A brief description of the institution's provision of reusable service ware for “dine in” meals and reusable and/or third party certified compostable service ware for to-go meals (in conjunction with a composting program):

Columbia Dining provides reusable eco-containers for to-go food.  In all dining halls, students who wish to carry out food are able to do so with reusable plastic containers.  Each student who buys a meal plan receives a free token that he or she can exchange for an eco-container.  When the student returns to the dining hall, he/she can receive a new eco-container or exchange it for a token.  The containers, made of polypropylene, are made in the USA. They are microwave and dishwasher safe, with microbial protection that controls stains and odor-causing bacteria. At the end of their useful life, the containers are recyclable.  Additionally, Columbia hands out BPA free, made in NYC, recyclable at end of life reusable water bottles to all first year undergraduate residential students to reduce the purchase of disposable cups and bottles.  Students can fill these with the beverage of their choice at the dining halls when they are taking meals to go. All other take away containers are BPI Certified and compostable.


A brief description of any discounts offered to customers who use reusable containers (e.g. mugs) instead of disposable or compostable containers in to-go food service operations:

At all Blue Java Coffee Bar locations, customers who purchase a Blue Java mug receive a discount for all coffee or tea beverages purchased when they bring their mug. In addition, students and staff receive coffee refills for $0.99 with their Blue Java mugs or any outside reusable mug. In John Jay Dining Hall only reusable beverage containers are available when dining in house.

Additionally, Columbia hands out BPA free, made in NYC, recyclable at end of life reusable water bottles to all first year undergraduate residential students at no cost to reduce the purchase of disposable cups and bottles. Students can fill these with the beverage of their choice at the dining halls when they are taking meals to go.


A brief description of other dining services waste minimization programs and initiatives:

Dining recycles all of its cooking oil, glass metal plastic and containers, mixed paper and cardboard, all delivery pallets are returned to the vendor, and a composting pilot with the City of New York Department of Sanitation as well as the in-house Rocket composting.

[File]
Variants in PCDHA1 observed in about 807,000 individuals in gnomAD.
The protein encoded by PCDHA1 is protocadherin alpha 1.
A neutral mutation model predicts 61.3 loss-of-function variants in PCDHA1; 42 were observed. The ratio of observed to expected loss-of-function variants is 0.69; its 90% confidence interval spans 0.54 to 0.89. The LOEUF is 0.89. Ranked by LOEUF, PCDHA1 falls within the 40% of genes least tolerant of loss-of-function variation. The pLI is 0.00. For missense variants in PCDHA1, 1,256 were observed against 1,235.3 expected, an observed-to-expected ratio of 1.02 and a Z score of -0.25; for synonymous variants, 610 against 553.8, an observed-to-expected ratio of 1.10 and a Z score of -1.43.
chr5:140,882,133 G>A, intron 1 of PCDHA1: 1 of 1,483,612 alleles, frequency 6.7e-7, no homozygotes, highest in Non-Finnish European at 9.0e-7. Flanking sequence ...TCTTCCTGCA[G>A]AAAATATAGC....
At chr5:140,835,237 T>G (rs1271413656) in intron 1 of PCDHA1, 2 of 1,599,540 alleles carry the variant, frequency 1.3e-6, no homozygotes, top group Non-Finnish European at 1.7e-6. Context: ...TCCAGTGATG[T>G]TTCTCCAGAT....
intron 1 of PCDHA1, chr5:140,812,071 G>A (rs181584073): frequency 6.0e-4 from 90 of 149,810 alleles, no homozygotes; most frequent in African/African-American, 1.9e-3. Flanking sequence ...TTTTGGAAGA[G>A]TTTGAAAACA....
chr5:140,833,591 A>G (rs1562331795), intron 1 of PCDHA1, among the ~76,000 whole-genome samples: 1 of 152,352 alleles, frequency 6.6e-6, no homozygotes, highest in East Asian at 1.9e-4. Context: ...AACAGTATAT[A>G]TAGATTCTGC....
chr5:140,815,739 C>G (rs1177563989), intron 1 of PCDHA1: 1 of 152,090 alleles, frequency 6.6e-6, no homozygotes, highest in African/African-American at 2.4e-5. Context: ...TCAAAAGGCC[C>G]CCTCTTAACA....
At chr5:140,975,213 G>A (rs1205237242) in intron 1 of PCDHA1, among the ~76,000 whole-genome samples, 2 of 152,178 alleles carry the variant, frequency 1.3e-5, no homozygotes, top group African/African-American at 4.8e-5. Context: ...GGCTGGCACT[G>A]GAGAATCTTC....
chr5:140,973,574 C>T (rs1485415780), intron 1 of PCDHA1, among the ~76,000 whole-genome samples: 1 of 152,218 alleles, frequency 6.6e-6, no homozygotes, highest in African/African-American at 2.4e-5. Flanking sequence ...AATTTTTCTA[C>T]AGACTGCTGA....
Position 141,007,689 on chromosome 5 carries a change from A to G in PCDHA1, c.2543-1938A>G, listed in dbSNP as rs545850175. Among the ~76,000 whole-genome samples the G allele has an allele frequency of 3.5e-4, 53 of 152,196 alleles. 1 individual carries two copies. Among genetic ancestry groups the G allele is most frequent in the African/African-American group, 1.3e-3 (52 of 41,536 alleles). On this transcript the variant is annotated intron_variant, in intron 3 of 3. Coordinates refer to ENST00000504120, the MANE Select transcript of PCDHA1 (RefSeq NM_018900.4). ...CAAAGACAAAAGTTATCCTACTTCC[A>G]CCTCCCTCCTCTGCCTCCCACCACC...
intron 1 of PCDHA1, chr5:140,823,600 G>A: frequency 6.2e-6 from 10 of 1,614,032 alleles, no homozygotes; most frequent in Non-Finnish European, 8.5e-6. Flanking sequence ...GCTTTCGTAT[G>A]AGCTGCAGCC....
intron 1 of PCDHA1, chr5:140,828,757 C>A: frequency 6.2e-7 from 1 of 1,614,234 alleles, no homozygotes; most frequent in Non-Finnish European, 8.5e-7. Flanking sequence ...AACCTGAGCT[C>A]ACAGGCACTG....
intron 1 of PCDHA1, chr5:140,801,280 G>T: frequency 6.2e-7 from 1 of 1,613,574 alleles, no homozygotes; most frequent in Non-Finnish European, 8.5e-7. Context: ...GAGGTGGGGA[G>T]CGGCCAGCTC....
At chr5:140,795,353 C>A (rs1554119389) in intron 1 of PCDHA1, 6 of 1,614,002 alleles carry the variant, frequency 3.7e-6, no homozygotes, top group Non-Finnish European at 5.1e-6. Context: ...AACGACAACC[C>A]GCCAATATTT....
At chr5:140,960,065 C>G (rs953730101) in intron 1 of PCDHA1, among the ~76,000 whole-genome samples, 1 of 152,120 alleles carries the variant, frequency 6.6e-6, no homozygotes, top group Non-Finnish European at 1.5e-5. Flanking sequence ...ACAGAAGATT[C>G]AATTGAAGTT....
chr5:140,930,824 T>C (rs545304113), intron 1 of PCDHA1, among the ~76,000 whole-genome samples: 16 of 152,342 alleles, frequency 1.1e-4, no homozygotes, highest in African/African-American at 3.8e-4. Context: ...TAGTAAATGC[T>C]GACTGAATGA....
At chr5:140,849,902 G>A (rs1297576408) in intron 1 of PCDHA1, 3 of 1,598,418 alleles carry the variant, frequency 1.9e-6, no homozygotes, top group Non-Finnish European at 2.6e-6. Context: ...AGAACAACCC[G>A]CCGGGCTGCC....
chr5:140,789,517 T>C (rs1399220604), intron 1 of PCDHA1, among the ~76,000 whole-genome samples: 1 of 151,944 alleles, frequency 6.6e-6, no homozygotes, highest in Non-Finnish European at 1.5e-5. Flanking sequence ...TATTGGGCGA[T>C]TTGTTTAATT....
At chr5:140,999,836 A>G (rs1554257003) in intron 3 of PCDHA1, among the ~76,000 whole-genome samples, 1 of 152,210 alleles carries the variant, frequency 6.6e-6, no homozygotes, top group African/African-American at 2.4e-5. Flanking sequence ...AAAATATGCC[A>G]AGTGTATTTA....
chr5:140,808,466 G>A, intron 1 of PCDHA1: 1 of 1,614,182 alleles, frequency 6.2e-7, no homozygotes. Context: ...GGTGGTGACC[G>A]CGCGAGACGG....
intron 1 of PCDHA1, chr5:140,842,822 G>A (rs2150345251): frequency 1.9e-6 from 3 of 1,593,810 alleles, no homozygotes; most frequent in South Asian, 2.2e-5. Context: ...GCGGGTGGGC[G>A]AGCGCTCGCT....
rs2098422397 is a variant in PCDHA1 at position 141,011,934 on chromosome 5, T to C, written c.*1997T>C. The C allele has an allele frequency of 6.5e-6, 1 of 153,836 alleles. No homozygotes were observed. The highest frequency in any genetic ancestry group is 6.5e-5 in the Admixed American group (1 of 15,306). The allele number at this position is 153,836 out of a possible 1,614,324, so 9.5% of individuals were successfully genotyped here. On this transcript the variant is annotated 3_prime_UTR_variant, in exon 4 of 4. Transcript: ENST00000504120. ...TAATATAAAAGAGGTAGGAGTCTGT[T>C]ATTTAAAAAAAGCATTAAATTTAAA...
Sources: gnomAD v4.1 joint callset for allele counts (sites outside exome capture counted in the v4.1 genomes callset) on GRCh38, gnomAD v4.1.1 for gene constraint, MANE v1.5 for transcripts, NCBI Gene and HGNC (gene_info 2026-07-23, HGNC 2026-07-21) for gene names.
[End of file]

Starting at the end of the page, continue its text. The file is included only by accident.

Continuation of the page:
The website URL where information about the institution’s waste minimization initiatives is available:

Tonnage numbers are estimates based on the best available information provided by the city of NY for average waste and recycling
Collection Methods
The New York City Department of Sanitation (DSNY) picks up the majority of Columbia’s waste and recycling through a collection system on the Morningside Campus and for all residential buildings at CUMC. All buildings within the Morningside Campus enclosure bring waste, plastic, glass, metal, paper, and some cardboard to a centralized location where the DSNY picks it up. LDEO hauls their recycling to the Rockland County Solid Waste recycling center.

*Columbia University Medical Center values are included below, to supplement the main submission for Morningside campus. CUMC's parameters are not included in the main area tally because the GHG emissions baseline years are different, therefore we formally report everything quantitative for the Morningside main campus, with the CUMC numbers explained in the public notes section, in order to include this campus in our submission.

CUMC statistics:
2011:
Trash 1,116.79 tons
Recycling: 29.47 tons

2013:
Trash 702.02 tons
Recycling: 300.85 tons

The information presented here is self-reported. While AASHE staff review portions of all STARS reports and institutions are welcome to seek additional forms of review, the data in STARS reports are not verified by AASHE. If you believe any of this information is erroneous or inconsistent with credit criteria, please review the process for inquiring about the information reported by an institution and complete the Data Inquiry Form.